Another cold war ? China and U.S.


by thorium1010
Tags: china, cold
PhysicsMonk
PhysicsMonk is offline
#19
Jan23-12, 05:24 PM
P: 13
Quote Quote by MarcoD View Post
You cannot use MAD, it's both an hypothesis and a doctrine, not a tool.
Seriously? NUKES
PhysicsMonk
PhysicsMonk is offline
#20
Jan23-12, 05:30 PM
P: 13
Quote Quote by skippy1729 View Post
How can we have a cold war with China? Who will buy their plastic dog-crap? Who will but our monopoly bonds?

Skippy
This shows serious lacking. China also buy **** load of stuff, and a source of demand for the bric, and their markets. Without china, the whole markets of Africa, Brazil, Russia etc will fall, and so will US exports to those markets, and Chinese markets. The US companies are depend on sales in China. China also make export civil engineering, and capital goods like bridges etcs. The quality of Chinese products are actually getting really better, much faster than say Japan, and Germany when they started.
MarcoD
MarcoD is offline
#21
Jan23-12, 07:06 PM
P: 98
Quote Quote by PhysicsMonk View Post
Seriously? NUKES
My comment was on terminology. I agree that you can use nukes, but I disagree that you can use MAD. MAD is a theory that countries will not nuke each other. IMO, so far, it has proven correct, but I am one of the people who don't believe in it.

When you say that a China/US conflict may escalate to using nukes (which actually is what MAD doesn't predict), I agree with you.

Personally, if you look at the strategic advantages of a China//US conflict, there are none, or rather, the disadvantages are greater than any advantage. So I expect conflict not with China personally, but with an Arab, African, or Southern Americas nation (there where the resources are).
Evo
Evo is offline
#22
Jan23-12, 07:40 PM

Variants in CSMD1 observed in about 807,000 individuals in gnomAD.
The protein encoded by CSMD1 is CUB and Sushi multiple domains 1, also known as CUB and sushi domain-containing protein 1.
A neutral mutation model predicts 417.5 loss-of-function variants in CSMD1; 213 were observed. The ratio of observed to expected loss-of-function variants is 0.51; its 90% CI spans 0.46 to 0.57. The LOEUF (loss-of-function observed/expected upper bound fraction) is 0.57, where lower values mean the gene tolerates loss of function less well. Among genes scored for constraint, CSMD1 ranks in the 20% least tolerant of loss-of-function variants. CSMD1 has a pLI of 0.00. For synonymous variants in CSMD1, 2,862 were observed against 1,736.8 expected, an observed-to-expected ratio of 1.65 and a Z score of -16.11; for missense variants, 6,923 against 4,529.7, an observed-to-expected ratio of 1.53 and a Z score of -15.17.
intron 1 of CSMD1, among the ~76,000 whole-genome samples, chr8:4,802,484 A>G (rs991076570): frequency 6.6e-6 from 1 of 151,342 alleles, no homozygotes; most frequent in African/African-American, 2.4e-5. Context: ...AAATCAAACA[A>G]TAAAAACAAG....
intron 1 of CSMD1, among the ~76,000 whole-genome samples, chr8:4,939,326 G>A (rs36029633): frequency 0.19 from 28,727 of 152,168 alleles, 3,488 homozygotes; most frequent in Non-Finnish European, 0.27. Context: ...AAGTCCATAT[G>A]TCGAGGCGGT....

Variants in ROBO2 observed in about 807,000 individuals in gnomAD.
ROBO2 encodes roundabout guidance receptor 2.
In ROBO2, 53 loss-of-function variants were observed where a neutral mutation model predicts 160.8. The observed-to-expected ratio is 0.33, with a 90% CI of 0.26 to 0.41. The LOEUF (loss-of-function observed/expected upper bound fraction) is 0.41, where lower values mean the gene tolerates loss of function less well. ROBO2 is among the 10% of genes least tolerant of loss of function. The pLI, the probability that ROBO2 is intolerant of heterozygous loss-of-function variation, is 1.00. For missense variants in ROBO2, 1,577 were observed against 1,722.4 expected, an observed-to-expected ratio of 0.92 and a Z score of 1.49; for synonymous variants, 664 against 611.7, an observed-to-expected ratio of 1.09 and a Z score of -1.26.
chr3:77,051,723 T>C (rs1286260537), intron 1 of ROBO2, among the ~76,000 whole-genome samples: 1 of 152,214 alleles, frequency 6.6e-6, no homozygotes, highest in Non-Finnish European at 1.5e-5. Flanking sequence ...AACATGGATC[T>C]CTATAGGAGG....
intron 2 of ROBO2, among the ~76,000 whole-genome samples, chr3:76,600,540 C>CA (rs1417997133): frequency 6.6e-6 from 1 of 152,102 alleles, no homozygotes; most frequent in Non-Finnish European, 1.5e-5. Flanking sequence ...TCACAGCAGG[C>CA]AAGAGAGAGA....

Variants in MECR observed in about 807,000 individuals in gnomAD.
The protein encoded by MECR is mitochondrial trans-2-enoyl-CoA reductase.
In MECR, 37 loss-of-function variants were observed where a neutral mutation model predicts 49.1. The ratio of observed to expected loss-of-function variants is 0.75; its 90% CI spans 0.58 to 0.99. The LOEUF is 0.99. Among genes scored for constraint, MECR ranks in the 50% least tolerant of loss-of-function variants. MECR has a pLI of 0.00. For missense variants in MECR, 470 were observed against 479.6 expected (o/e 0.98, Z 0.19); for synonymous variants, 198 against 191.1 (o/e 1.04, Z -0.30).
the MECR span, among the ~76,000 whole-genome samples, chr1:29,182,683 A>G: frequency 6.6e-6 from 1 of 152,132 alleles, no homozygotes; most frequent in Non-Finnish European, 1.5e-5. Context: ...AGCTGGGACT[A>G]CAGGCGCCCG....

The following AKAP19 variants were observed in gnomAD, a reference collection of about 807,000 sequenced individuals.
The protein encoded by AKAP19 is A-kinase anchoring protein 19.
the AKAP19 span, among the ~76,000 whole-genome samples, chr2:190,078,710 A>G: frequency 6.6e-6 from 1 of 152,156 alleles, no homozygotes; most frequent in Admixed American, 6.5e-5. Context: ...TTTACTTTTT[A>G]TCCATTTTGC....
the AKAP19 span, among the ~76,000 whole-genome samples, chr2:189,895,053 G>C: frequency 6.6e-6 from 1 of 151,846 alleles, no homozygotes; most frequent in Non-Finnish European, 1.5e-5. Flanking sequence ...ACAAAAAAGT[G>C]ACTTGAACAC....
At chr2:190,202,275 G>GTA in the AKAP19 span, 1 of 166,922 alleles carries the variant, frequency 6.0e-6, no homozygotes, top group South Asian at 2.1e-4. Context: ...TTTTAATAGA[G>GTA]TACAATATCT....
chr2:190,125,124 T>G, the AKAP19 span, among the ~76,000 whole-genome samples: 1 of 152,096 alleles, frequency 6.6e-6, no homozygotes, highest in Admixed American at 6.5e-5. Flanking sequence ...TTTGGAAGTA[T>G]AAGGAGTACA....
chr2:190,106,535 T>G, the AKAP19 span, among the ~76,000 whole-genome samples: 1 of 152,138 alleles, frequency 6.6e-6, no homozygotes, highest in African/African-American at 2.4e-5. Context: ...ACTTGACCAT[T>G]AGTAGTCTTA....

Mentor
Evo's Avatar
P: 25,927
Quote Quote by PhysicsMonk View Post
This shows serious lacking. China also buy **** load of stuff, and a source of demand for the bric, and their markets. Without china, the whole markets of Africa, Brazil, Russia etc will fall, and so will US exports to those markets, and Chinese markets. The US companies are depend on sales in China. China also make export civil engineering, and capital goods like bridges etcs. The quality of Chinese products are actually getting really better, much faster than say Japan, and Germany when they started.
Post the research from reputable sources that back you up before you post again.
edward
edward is offline
#23
Jan23-12, 08:11 PM
PF Gold
edward's Avatar
P: 861
IMHO opinion we are tagging along with what satellites China has launched and what their capabilities are for reasons other than a cold war nuke situation.

China recently began operating their own version of a GPS navigational system. Up until recently they had to rely on ours. Ironically most of our hand held systems are made in China.

http://online.wsj.com/article/SB1000...791556284.html

We would never nuke China. They have reverse engineered our manufacturing and now make our underwear

I think this will be about technology and not nuclear one upmanship.
shashankac655
shashankac655 is offline
#24
Feb15-12, 08:00 AM
P: 36
I would love to see another cold war but not the Arms race part of it only the Space race part of it but i doubt whether it would happen in the same scale.
jduster
jduster is offline
#25
Feb15-12, 11:05 AM
P: 46
I don't see a hot war as a possibility, but a cold war, very likely. In fact, we may be already in a cold war with China, depending how you want to define it.
Pattonias
Pattonias is offline
#26
Feb23-12, 10:12 AM
Pattonias's Avatar
P: 378